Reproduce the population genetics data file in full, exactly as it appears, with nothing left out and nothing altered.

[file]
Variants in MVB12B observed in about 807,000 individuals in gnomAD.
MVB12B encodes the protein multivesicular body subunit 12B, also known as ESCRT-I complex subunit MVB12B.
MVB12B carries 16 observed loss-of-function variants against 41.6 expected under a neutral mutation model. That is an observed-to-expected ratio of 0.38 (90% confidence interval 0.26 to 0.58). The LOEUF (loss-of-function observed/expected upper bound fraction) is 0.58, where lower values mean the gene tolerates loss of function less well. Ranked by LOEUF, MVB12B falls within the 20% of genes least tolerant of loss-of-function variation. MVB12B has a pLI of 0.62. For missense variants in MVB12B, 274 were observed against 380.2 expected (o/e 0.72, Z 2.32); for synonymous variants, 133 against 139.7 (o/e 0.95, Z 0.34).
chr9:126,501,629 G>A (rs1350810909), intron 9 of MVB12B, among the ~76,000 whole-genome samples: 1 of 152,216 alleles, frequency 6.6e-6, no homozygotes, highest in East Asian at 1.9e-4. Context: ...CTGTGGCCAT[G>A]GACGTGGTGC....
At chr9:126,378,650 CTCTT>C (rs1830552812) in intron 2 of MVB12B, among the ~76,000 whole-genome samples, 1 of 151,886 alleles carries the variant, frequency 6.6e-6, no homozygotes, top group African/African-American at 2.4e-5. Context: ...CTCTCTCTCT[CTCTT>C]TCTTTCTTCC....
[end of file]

Variants in MVB12B observed in about 807,000 individuals in gnomAD.
MVB12B encodes the protein multivesicular body subunit 12B, also known as ESCRT-I complex subunit MVB12B.
MVB12B carries 16 observed loss-of-function variants against 41.6 expected under a neutral mutation model. That is an observed-to-expected ratio of 0.38 (90% confidence interval 0.26 to 0.58). The LOEUF (loss-of-function observed/expected upper bound fraction) is 0.58, where lower values mean the gene tolerates loss of function less well. Ranked by LOEUF, MVB12B falls within the 20% of genes least tolerant of loss-of-function variation. MVB12B has a pLI of 0.62. For missense variants in MVB12B, 274 were observed against 380.2 expected (o/e 0.72, Z 2.32); for synonymous variants, 133 against 139.7 (o/e 0.95, Z 0.34).
chr9:126,501,629 G>A (rs1350810909), intron 9 of MVB12B, among the ~76,000 whole-genome samples: 1 of 152,216 alleles, frequency 6.6e-6, no homozygotes, highest in East Asian at 1.9e-4. Context: ...CTGTGGCCAT[G>A]GACGTGGTGC....
At chr9:126,378,650 CTCTT>C (rs1830552812) in intron 2 of MVB12B, among the ~76,000 whole-genome samples, 1 of 151,886 alleles carries the variant, frequency 6.6e-6, no homozygotes, top group African/African-American at 2.4e-5. Context: ...CTCTCTCTCT[CTCTT>C]TCTTTCTTCC....